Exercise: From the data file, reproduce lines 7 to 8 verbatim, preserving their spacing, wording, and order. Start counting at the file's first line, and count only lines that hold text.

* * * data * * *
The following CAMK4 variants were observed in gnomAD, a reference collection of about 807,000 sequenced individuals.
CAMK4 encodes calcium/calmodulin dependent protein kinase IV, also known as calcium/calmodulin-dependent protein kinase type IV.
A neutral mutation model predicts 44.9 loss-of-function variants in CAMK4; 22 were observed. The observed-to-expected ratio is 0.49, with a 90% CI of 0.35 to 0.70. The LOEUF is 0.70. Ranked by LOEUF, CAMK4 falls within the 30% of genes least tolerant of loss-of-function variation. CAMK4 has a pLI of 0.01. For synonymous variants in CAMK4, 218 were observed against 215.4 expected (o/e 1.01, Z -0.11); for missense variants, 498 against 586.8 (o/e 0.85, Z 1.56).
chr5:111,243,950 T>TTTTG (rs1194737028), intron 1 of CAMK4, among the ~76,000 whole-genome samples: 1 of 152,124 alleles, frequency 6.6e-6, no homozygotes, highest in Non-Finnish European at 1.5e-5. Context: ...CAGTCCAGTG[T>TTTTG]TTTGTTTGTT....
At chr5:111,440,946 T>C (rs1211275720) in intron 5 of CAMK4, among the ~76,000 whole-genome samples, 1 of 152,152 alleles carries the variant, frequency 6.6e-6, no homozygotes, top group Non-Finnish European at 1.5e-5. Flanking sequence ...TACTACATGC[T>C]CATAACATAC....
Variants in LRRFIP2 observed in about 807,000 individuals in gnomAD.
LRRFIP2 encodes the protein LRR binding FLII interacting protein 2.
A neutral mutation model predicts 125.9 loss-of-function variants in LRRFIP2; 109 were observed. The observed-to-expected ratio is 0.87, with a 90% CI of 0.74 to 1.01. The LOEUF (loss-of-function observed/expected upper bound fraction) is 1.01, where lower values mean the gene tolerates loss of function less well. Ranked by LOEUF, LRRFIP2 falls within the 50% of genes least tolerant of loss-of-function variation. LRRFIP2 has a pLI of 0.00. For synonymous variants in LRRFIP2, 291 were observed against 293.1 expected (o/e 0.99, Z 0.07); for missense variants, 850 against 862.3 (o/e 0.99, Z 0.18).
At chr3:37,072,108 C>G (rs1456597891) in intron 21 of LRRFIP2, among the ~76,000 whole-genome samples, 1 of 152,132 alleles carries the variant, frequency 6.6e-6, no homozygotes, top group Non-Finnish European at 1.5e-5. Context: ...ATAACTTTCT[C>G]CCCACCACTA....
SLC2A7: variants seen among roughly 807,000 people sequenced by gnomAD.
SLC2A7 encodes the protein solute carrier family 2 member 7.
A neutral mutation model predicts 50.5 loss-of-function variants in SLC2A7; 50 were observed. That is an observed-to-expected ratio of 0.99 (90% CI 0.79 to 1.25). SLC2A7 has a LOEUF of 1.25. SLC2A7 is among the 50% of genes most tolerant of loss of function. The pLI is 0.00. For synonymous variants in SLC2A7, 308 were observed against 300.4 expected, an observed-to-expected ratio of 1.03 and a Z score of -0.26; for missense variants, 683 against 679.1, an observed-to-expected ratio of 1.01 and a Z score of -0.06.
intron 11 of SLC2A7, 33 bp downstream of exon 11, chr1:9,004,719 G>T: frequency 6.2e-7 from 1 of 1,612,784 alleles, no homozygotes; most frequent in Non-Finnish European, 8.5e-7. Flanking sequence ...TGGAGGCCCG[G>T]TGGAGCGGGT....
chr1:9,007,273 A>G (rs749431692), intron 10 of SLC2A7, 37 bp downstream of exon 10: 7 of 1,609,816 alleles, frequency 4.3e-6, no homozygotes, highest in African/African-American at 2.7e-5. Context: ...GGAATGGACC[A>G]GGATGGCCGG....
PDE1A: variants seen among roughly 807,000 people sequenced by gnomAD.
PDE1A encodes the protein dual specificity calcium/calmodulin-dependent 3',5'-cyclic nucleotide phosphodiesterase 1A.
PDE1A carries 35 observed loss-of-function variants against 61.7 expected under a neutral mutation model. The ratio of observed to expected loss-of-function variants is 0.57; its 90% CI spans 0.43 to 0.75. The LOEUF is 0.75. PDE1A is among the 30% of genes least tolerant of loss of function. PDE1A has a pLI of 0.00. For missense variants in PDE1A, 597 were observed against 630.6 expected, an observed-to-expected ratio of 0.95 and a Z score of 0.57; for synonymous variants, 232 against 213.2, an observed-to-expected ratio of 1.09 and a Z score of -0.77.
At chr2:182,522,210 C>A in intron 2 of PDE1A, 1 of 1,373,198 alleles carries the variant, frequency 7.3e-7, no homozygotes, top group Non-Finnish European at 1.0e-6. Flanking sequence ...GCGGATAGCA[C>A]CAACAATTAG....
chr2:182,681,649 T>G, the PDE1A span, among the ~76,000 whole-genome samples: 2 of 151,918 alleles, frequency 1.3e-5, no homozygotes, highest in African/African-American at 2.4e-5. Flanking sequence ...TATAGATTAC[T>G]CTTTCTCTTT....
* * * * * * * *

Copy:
LRRFIP2 encodes the protein LRR binding FLII interacting protein 2.
A neutral mutation model predicts 125.9 loss-of-function variants in LRRFIP2; 109 were observed. The observed-to-expected ratio is 0.87, with a 90% CI of 0.74 to 1.01. The LOEUF (loss-of-function observed/expected upper bound fraction) is 1.01, where lower values mean the gene tolerates loss of function less well. Ranked by LOEUF, LRRFIP2 falls within the 50% of genes least tolerant of loss-of-function variation. LRRFIP2 has a pLI of 0.00. For synonymous variants in LRRFIP2, 291 were observed against 293.1 expected (o/e 0.99, Z 0.07); for missense variants, 850 against 862.3 (o/e 0.99, Z 0.18).